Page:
The criticisms are various. They include concerns about the failure of governments to ensure there is benefit to downstream local industries and individuals; a belief that the repatriation of profits to other nations does little to encourage the common wealth; and anger that the incentives and exemptions from tax that are offered to overseas investors are not available to domestic or regional investors. It encompasses a belief that large scale foreign investment, particularly in the tourism sector, damages smaller local enterprises; a view that many of the largest projects now envisaged will have a negative environmental impact; and a growing resentment of imported labour.
There are also other more philosophical doubts. Variously expressed, these focus on whether the ceding of local ownership or land results in a loss of sovereignty, the effect it has on a nation's ability to determine its own future, the possibility that huge investments threatens national identity, and whether the region is entering into some new form of colonial or dependent relationship.
Although all of this is understandable, and many of these issues are important and require national debate, they also reflect a lingering hangover from the politics of the 1960s which left the region decidedly schizophrenic about the role to be played by those from outside who want to profit from and in the region.
Irrespective, the world has moved on, capital flows freely, nations from Burma to Brazil and Mauritius vie to offer attractive terms, and even socially focused hemispheric nations like Cuba have established rigorous but increasingly flexible development zone criteria relating to large scale foreign investment.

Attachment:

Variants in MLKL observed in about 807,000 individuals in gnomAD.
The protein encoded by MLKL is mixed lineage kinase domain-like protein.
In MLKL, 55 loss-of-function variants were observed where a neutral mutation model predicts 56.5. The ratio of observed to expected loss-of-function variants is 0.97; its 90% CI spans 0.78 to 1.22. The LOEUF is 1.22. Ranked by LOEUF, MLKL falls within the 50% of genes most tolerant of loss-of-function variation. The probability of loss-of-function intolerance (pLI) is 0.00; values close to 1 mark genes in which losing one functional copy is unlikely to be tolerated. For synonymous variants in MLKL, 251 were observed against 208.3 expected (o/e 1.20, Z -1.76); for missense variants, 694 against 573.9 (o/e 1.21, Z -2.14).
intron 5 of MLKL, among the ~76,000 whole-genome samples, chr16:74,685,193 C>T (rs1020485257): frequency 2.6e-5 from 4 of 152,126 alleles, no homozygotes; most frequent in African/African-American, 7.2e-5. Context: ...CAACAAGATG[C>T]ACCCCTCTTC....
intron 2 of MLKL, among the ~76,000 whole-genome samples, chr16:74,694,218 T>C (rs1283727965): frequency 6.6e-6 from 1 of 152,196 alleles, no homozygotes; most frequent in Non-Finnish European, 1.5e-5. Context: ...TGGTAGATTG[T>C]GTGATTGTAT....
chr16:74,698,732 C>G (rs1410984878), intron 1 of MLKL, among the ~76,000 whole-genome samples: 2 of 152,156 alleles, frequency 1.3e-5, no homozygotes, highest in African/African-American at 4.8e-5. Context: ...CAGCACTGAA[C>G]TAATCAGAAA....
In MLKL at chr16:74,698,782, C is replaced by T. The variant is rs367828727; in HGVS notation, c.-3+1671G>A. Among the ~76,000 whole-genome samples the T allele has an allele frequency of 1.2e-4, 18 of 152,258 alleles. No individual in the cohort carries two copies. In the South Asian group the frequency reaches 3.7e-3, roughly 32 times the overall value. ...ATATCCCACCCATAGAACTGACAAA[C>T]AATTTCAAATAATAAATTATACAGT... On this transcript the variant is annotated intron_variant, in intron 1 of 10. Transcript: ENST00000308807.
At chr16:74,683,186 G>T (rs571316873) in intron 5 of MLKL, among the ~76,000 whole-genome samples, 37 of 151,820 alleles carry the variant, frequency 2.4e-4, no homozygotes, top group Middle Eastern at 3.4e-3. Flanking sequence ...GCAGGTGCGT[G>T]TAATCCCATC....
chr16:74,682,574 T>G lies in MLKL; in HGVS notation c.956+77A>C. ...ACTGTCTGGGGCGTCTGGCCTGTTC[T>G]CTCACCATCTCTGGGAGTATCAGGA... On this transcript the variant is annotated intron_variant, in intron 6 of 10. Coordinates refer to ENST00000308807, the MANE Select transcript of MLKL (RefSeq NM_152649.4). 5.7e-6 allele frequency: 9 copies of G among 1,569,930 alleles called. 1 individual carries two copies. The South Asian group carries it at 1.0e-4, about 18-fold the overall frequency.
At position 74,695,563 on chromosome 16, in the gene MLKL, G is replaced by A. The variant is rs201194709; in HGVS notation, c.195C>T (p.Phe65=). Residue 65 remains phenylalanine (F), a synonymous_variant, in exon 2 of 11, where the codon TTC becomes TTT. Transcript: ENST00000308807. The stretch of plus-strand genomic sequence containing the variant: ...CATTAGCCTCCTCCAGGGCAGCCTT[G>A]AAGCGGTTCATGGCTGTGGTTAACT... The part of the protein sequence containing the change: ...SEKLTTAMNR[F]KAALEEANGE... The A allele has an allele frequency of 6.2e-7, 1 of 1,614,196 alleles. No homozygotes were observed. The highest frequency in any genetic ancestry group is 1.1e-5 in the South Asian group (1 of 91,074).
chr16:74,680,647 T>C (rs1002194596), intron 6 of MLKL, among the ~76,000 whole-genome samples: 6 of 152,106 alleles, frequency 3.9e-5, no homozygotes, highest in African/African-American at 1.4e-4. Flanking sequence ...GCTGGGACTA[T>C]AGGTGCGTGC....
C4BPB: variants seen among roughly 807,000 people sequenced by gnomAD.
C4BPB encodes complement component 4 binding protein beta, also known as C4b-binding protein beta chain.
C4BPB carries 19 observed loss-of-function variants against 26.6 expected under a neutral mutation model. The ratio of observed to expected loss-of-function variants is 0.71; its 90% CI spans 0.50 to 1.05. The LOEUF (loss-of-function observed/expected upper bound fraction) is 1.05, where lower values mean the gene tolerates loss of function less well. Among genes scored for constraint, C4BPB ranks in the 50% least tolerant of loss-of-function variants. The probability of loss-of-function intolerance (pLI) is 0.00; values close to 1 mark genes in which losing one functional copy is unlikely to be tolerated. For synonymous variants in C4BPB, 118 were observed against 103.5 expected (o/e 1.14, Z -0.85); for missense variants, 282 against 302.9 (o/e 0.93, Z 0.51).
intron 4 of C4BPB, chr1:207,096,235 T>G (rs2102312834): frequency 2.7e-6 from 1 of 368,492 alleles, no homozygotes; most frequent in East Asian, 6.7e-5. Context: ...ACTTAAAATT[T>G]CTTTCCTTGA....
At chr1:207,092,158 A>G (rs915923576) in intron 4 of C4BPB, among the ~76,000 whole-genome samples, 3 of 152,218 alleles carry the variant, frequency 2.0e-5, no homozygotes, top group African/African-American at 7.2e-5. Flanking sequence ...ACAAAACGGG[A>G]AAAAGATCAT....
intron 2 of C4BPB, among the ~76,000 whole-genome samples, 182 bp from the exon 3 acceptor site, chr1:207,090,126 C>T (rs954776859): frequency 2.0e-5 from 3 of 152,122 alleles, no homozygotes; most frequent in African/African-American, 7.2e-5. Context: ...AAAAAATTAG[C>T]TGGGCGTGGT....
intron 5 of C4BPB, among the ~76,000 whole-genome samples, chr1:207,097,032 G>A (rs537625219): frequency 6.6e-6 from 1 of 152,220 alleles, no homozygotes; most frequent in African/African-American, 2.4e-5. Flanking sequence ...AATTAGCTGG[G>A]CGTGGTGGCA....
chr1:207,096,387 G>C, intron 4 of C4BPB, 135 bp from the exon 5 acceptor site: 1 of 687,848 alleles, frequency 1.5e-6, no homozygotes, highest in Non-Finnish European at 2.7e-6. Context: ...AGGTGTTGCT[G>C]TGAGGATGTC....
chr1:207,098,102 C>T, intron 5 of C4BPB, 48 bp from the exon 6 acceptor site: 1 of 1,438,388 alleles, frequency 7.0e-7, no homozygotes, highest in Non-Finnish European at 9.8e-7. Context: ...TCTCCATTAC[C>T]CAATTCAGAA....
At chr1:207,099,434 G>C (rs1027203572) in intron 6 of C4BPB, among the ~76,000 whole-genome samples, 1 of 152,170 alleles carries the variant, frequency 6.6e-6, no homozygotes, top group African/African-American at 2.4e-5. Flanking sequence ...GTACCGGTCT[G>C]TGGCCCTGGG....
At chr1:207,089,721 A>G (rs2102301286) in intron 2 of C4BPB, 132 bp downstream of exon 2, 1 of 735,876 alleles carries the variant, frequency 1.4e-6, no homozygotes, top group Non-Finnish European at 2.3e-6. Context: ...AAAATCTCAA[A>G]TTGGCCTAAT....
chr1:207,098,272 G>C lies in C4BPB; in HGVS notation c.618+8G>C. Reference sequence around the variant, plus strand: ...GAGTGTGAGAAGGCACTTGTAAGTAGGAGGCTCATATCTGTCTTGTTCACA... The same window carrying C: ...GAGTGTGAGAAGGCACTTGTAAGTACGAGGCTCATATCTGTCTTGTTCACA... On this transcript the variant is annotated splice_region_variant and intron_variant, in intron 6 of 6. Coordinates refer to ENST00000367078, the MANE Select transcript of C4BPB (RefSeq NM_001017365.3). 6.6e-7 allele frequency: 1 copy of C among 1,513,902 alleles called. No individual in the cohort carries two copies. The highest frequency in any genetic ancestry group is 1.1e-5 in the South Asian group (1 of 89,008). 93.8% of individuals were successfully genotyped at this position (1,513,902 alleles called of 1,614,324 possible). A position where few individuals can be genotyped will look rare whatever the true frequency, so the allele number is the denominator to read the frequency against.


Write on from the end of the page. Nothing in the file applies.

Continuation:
There should, therefore, be no reason why, once government and opposition agree that a large-scale investment is in the national interest, and the benefits are made clear, that both explain how they will ensure that the companies concerned demonstrate social commitment.
The reality is that any high-quality investor wants to do this. If they are corporately socially responsible, they will want work in a genuine way to be supportive, create local jobs, recognise environmental and local concerns, understand issues that touch local communities, and be prepared from the outset to engage in dialogue if they are seriously committed to a country.
In this respect, a particularly welcome recent initiative is that being undertaken by the Caribbean Association of Investment Promotion Agencies and the Caribbean Export Development Agency. This aims to create investor role models through a new regional Investor of the Year Award that will recognise the contribution made by both local and foreign investors to the creation of new jobs, high standards of corporate social responsibility, capital spending, and fiscal support to economies through the payment of corporate taxes.
Caribbean governments should be more prescriptive.
If China, Brazil, the US or other interests want to invest in huge infrastructure projects, they should be told that they must adopt the same high standards as the global companies that consistently win prizes for corporate social responsibility.
David Jessop is director of the Caribbean Council. Email him at firstname.lastname@example.org.